So I'm retraining. You could do it too. Try. Lay your hands flat on the table, feel your fingers stretch. Palm. Knuckles. Skin. I tell my hands to forget what they aren't, and feel what they are. To feel what I am. Aches and scars, blood pulse, tremor. Fascia tautening with age. Our hands hold traces of everything we've ever touched, a thousand handshakes and caresses. Sometimes I think about my grandmother's hands. The way they felt when she clasped my hands in hers, the strength. Our bodies aren't just shapes we're wearing, clothes we put on. They're chronicles. They're wiser than we are.

[This is a good lesson and I know it to be true. I learned it while learning to sculpt clay; my fingers know things. It is good to be reminded, and to notice what they know. (I keep thinking I should go on retreat.)]

One of the charms of The Wagers is the city it roots itself in — Montreal. I swear I've shopped at Theo's store. I know those hills, and that water tower, and the cartoon logo of an elephant-turned-vacuum-cleaner. And it is magical.

We don't get to choose what we want, he thought. Only what we pursue.

Chapter 1
From Chapter 3

BOMB A Surfeit of Wondrous Things: Sean Michaels Interviewed by Tobias Carroll

Saturday, July 23, 2022

You want to be a positive nothing

But how does a person learn to see herself as nothing when she has already had so much trouble learning to see herself as something in the first place? [...] You have been a negative nothing, now you want to be a positive nothing. 

— from "New Year's Resolution," in The Collected Stories of Lydia Davis, by Lydia Davis.

He asks me about my summer, have I taken vacation. I mumble noncommittally. 

I feel the nitrile graze my lip as he positions his fingers inside my mouth. My lip reacts and I suppress my lip from reacting, it is like being touched without being touched, there is no tenderness but it is a gentle sensation.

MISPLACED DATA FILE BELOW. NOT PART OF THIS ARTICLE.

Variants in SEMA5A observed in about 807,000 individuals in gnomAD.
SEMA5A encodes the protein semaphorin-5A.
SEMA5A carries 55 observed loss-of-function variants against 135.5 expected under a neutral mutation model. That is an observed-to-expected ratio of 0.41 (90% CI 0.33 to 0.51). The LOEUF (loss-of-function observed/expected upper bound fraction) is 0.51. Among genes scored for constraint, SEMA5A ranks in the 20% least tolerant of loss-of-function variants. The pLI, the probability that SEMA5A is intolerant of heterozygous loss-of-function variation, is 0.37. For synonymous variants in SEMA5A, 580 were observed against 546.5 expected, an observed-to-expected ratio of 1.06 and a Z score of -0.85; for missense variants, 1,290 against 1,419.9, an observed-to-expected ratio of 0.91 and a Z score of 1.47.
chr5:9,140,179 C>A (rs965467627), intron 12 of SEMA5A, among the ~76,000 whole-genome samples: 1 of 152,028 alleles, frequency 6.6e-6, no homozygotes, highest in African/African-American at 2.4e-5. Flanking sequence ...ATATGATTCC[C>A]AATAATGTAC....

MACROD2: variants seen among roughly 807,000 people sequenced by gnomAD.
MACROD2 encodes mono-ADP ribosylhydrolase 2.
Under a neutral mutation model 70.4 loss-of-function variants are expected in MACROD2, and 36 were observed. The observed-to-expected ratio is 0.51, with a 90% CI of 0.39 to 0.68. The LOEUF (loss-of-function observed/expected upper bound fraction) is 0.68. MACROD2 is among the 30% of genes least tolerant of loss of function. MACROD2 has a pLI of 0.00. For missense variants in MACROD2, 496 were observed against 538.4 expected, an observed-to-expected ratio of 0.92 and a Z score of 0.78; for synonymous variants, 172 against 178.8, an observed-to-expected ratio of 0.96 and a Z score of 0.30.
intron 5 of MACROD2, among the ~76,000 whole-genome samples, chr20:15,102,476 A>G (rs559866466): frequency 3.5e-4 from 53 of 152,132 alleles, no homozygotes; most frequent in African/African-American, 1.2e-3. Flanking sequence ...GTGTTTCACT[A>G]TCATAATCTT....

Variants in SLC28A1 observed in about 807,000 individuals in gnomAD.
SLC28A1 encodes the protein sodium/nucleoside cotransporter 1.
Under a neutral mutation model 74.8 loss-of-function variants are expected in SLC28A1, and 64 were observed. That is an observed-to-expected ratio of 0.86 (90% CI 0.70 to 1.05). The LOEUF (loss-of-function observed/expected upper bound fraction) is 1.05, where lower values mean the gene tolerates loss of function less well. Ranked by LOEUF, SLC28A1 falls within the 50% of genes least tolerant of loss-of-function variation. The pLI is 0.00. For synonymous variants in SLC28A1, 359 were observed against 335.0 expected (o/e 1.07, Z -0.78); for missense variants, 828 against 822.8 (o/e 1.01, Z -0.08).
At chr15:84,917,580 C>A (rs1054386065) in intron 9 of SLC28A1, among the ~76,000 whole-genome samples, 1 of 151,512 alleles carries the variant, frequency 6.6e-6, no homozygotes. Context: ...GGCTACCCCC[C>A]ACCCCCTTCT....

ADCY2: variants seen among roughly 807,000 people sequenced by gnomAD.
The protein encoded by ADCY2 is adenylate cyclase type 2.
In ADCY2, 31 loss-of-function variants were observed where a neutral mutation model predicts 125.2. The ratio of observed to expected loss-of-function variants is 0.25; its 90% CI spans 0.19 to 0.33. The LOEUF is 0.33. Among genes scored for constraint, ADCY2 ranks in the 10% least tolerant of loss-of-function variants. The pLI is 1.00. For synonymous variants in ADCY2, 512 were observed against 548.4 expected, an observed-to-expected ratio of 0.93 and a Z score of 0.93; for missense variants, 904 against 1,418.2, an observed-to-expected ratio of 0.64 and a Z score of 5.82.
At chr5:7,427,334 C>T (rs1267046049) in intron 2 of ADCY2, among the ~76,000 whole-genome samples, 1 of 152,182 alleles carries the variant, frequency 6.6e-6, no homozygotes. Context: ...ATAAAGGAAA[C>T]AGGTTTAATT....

I tell myself to relax the muscles of my face, around the corners of my mouth, and at my left temple. I wonder how good he is at reading faces. Can he read trepidation? Does he see pain? Has he learned to ignore it? Does he respond to it, does it influence his examination? Maybe he leans into it, tries to extrude it like a fleck of debris with his scaler.

I feel a twinge deep in the gum above an upper canine, I think I am reflexively wincing, I tell myself not to wince, I don't actually feel pain, I don't want him to see pain, there is no pain. It tickles a little.

The motor doesn't sound so loud, like I'm hearing everything through a woolen sock, only the sock is lining the inside of my head. 

I think about how like it is to the rotary tool I have to sand and finish my sculptures. He is polishing the enamel, and I am like stone, stone flesh with detached nerves, a soft core deep inside wondering how much can the body bear, when will the outer shell crack. But the vibrations are almost delicate — am I so inured, or so removed?


I receive in my inbox an excerpt from "Night Bakery" by Fabio Morábito. It begins thusly:

During my time in Berlin I just walked around and didn’t read a single book. In a way I replaced reading with walking.

I think about this for days, while walking cross my new neighbourhood. It's not mine yet, I haven't fully inhabited it. This is a temporary state. I am hovering above the world, above life, before alighting.

I think about all the nonreading and nonwriting, and this unsatisfying nonwalking, the wondering without concluding. I decide to order this book of stories — it takes what feels like hours to find this line again, to find the newsletter, to trace it to its source, to pinpoint the thing that is affecting me — but am dismayed to learn it will not be published till next spring. Time enough for me to write my own stories. I think all fiction is speculation.